What Remains from the 1876 Exposition? What Doesn’t? What Was Never There?
Seeing ourselves again as virtual visitors, we might have wondered what would happen next in the Exposition’s life after it closed in November 1876. Different landmarks and cultural works remain here in Philadelphia. For example, Memorial Hall how houses the Please Touch Museum. The Dying Lioness statue sits in front of the Philadelphia Zoo, and Thomas Eakins’s Gross Clinic (1844-1916) are now in the Philadelphia Art Museum. There is an extensive music collection from the Centennial at the Free Library. Edmonia Lewis’s Death of Cleopatra (1844-1907) is now at tthe American Art Museum in Washington, D.C. Numerous buildings such as the Portuguese Government Building and the Maryland State Building were moved elsewhere, but then demolished.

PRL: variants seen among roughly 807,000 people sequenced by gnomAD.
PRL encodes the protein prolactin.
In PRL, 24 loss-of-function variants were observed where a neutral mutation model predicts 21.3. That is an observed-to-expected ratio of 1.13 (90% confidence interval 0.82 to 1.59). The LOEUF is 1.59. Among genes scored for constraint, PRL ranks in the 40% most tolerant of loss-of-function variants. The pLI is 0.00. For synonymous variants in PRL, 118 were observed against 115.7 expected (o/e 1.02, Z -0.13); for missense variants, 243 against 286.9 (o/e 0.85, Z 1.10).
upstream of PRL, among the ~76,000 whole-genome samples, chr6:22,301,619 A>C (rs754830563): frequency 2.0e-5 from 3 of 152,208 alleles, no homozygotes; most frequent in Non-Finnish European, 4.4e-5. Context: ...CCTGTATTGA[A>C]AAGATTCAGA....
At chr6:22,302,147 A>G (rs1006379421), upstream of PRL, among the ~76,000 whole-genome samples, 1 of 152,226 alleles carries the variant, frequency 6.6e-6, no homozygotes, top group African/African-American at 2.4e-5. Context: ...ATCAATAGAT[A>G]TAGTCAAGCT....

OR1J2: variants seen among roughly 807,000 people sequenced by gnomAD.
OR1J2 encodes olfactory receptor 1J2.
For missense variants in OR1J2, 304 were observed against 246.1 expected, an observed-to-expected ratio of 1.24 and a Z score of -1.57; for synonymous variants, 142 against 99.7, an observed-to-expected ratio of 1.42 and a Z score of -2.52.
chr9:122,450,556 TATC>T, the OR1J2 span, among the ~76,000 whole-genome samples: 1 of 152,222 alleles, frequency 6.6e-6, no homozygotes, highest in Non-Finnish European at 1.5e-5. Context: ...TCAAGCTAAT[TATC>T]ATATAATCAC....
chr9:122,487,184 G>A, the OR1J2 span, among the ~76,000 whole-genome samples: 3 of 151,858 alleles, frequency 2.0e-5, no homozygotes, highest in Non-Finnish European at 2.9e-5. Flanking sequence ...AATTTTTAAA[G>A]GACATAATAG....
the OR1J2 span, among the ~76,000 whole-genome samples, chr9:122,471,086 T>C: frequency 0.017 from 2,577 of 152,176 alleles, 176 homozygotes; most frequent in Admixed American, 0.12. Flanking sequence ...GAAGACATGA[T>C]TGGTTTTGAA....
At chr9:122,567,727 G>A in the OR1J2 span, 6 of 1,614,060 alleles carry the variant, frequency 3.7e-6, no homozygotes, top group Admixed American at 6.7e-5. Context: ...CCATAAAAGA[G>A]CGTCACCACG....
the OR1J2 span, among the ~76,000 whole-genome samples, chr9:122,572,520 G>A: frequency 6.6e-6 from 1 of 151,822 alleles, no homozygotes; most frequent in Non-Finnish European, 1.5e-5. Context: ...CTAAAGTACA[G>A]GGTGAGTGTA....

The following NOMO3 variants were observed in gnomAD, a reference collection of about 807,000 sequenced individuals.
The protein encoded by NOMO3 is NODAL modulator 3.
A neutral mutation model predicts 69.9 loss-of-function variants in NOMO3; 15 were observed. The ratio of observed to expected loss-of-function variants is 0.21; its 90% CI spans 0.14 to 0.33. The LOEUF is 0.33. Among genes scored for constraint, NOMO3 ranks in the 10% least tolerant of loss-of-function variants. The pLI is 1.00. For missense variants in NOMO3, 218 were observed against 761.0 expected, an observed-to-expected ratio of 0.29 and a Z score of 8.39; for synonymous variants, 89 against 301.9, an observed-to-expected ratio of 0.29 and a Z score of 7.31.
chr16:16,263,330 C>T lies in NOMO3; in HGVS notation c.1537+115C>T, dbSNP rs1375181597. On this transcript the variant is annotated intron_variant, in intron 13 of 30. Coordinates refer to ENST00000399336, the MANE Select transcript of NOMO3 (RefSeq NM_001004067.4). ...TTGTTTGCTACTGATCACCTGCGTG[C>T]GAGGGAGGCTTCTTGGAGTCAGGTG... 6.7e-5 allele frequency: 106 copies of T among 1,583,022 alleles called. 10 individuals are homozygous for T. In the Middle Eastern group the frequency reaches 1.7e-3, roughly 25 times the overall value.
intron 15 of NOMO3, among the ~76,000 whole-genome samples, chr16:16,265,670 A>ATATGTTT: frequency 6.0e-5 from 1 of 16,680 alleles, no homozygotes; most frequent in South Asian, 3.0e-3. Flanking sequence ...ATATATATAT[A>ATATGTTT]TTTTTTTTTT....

We can find a generous number of major events associated with the 1876 Centennial for ourselves and our students to investigate. The opportunity to create another Exposition for Philadelphia, especially one focused on Philadelphia’s World Heritage status and global connections, and also which gives presence to our current dilemmas and concerns, challenges us all to look at ourselves and Philadelphia in new ways. (See Part II of this blog for ideas.)